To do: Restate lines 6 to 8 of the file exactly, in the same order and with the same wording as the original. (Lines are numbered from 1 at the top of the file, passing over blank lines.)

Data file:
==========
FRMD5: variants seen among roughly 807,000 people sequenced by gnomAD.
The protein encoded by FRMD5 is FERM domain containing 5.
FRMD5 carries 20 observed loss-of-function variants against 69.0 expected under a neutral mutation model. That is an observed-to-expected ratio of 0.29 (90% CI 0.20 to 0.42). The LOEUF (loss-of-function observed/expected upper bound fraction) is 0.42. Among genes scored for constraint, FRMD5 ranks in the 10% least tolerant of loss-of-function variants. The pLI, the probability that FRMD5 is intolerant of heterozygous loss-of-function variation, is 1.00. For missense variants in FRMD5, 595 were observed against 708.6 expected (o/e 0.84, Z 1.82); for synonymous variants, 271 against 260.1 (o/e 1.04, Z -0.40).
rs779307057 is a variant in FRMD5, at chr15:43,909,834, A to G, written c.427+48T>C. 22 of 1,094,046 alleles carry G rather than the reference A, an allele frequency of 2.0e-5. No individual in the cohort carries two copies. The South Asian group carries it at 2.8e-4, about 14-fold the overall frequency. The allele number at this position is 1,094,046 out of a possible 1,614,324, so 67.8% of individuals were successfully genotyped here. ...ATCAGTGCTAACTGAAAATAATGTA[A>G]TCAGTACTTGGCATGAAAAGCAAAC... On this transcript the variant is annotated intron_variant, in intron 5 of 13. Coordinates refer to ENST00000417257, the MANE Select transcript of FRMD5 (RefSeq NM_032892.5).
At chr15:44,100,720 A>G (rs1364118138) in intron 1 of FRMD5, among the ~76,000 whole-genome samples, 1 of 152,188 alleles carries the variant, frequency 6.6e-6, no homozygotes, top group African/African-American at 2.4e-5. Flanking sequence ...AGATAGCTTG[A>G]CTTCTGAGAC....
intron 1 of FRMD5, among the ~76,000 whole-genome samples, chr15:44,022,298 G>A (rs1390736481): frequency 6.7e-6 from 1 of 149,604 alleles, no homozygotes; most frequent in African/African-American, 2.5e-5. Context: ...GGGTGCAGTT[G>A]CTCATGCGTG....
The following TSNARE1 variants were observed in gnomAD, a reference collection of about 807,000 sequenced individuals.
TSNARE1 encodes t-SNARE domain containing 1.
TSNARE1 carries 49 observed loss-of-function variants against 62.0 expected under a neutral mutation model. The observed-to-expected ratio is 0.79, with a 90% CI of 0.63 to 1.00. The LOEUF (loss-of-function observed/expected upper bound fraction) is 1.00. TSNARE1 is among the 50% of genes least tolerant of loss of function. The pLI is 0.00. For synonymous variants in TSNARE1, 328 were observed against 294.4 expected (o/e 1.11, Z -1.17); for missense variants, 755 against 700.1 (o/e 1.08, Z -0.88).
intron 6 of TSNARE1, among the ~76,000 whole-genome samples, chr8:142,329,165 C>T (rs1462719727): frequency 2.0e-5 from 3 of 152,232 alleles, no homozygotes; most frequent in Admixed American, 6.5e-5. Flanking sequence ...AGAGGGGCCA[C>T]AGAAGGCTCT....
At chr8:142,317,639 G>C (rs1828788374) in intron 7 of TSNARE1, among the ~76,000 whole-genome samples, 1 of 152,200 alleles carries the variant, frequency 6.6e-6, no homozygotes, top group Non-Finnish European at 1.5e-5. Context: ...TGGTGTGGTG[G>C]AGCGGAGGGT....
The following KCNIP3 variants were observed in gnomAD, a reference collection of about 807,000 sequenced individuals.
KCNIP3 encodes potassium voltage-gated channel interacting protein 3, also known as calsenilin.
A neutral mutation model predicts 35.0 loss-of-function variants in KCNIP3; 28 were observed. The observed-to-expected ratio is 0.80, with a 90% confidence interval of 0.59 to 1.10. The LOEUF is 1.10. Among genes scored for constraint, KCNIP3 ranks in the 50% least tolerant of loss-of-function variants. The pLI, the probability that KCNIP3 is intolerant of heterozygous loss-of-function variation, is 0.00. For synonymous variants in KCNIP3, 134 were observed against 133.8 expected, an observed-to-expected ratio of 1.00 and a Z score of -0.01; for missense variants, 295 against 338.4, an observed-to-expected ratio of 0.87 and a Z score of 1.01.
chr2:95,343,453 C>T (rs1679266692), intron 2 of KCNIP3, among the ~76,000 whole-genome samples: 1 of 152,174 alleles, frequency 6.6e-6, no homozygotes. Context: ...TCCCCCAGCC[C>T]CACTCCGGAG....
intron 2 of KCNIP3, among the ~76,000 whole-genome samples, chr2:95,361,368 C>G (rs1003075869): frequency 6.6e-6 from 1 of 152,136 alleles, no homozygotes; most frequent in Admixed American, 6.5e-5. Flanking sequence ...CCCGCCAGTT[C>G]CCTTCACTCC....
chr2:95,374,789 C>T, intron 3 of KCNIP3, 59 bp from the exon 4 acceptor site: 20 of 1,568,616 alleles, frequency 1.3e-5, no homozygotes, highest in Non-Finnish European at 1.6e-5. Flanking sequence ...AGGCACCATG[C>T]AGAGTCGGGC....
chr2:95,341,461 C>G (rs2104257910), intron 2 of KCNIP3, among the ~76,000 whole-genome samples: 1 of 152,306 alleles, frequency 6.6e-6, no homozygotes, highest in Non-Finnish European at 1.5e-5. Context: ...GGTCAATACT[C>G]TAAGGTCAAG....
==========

intron 1 of FRMD5, among the ~76,000 whole-genome samples, chr15:44,022,298 G>A (rs1390736481): frequency 6.7e-6 from 1 of 149,604 alleles, no homozygotes; most frequent in African/African-American, 2.5e-5. Context: ...GGGTGCAGTT[G>A]CTCATGCGTG....
The following TSNARE1 variants were observed in gnomAD, a reference collection of about 807,000 sequenced individuals.
TSNARE1 encodes t-SNARE domain containing 1.